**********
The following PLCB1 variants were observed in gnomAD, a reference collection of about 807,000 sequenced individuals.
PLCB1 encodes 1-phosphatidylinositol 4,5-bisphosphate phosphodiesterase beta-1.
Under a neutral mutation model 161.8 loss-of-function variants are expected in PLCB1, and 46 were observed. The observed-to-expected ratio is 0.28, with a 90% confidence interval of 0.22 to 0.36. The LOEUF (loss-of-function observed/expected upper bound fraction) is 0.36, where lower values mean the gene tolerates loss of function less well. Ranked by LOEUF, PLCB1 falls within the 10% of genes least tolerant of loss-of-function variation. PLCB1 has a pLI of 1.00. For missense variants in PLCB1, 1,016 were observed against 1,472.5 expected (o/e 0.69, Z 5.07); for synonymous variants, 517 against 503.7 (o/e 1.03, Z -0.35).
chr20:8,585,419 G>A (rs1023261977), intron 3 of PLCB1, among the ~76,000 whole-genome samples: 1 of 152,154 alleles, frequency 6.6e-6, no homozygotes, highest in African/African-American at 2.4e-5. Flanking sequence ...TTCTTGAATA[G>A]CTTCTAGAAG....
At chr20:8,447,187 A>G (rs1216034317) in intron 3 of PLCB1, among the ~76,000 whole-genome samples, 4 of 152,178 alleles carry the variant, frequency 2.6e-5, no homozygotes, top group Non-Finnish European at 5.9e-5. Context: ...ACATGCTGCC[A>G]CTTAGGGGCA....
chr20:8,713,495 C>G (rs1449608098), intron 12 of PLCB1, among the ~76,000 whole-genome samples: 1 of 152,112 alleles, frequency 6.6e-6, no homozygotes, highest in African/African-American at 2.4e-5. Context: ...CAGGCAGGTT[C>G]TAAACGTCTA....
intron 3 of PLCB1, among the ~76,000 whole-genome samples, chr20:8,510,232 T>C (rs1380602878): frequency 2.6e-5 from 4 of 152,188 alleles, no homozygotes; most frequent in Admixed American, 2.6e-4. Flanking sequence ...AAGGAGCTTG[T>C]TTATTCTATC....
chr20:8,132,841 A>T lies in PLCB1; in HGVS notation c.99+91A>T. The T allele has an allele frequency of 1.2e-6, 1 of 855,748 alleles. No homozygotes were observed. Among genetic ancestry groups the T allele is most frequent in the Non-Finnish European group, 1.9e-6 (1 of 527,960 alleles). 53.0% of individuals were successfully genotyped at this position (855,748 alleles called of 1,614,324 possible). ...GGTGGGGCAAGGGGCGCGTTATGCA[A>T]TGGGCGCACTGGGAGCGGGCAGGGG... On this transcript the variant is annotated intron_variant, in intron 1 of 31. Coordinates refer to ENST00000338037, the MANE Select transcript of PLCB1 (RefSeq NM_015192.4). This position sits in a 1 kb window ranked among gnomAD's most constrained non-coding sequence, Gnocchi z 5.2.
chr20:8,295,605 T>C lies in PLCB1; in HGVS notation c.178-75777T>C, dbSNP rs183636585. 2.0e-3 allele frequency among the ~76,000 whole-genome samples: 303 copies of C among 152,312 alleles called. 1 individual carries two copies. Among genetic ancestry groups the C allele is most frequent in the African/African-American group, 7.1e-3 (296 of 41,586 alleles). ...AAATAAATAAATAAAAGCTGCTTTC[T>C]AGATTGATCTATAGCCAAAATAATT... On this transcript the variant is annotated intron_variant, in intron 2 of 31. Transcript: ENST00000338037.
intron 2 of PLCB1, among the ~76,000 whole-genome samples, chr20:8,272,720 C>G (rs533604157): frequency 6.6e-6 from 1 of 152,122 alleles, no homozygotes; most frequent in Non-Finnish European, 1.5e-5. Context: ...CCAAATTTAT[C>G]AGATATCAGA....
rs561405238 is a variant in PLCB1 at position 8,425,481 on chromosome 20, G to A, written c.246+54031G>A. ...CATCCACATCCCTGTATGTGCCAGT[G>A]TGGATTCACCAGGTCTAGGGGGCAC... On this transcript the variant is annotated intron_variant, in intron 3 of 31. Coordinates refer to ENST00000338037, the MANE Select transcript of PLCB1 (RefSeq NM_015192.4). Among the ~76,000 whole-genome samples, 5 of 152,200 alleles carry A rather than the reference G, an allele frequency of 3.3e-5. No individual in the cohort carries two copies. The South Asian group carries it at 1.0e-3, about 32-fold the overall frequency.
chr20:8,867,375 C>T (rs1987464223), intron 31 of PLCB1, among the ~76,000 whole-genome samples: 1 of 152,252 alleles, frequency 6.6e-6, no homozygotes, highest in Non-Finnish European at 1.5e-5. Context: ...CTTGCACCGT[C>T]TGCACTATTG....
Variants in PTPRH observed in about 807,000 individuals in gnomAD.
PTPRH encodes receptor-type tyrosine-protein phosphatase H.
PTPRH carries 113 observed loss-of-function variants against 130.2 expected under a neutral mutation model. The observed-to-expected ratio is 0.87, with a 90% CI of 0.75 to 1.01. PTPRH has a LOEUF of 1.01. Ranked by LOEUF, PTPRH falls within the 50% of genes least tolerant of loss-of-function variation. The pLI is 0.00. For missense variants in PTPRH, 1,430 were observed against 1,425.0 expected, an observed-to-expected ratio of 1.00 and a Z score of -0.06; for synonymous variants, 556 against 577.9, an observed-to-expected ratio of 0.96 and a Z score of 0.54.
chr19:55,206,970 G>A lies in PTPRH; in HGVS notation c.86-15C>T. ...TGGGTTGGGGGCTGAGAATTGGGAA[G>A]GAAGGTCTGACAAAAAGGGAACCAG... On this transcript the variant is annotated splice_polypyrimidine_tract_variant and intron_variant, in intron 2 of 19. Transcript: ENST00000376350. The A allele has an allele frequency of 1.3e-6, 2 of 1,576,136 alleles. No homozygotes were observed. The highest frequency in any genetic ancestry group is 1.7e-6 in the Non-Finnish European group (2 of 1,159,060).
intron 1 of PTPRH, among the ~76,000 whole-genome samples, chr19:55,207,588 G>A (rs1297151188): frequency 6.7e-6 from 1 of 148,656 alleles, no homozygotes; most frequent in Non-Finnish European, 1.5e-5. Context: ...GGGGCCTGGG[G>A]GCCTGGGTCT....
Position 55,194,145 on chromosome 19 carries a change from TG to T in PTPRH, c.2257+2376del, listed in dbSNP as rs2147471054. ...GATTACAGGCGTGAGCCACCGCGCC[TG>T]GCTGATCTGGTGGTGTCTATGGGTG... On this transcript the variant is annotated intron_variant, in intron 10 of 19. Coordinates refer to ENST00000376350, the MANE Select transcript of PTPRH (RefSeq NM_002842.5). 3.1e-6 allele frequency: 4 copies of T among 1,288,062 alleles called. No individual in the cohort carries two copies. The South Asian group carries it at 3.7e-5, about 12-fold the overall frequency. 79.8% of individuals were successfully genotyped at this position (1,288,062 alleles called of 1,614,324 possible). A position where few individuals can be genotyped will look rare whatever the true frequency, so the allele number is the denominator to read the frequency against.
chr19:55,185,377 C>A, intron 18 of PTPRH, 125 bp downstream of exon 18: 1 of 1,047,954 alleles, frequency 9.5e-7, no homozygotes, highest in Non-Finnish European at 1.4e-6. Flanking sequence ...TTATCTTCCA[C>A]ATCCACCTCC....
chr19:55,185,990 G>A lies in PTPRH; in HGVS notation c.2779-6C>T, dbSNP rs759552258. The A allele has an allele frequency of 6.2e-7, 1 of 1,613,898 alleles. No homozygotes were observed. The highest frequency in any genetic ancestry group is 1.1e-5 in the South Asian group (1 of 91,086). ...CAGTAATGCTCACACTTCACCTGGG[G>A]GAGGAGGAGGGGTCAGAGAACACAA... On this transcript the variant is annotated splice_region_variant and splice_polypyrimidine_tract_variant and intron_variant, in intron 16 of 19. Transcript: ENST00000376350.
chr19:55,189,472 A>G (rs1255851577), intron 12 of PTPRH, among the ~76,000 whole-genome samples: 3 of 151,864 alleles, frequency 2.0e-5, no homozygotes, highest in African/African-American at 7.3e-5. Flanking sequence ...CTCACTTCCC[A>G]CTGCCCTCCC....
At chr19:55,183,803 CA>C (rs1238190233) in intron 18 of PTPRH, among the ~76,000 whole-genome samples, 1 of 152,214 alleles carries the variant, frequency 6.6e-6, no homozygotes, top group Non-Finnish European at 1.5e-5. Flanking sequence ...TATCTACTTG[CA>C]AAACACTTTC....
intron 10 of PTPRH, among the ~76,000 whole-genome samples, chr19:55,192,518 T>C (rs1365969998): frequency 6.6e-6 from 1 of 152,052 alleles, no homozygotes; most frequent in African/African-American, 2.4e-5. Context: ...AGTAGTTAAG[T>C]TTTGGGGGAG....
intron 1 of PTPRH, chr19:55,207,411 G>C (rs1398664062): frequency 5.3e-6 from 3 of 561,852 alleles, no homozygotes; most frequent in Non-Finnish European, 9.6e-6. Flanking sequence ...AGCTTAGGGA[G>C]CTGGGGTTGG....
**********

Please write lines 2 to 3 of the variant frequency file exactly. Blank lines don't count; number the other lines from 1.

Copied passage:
PLCB1 encodes 1-phosphatidylinositol 4,5-bisphosphate phosphodiesterase beta-1.
Under a neutral mutation model 161.8 loss-of-function variants are expected in PLCB1, and 46 were observed. The observed-to-expected ratio is 0.28, with a 90% confidence interval of 0.22 to 0.36. The LOEUF (loss-of-function observed/expected upper bound fraction) is 0.36, where lower values mean the gene tolerates loss of function less well. Ranked by LOEUF, PLCB1 falls within the 10% of genes least tolerant of loss-of-function variation. PLCB1 has a pLI of 1.00. For missense variants in PLCB1, 1,016 were observed against 1,472.5 expected (o/e 0.69, Z 5.07); for synonymous variants, 517 against 503.7 (o/e 1.03, Z -0.35).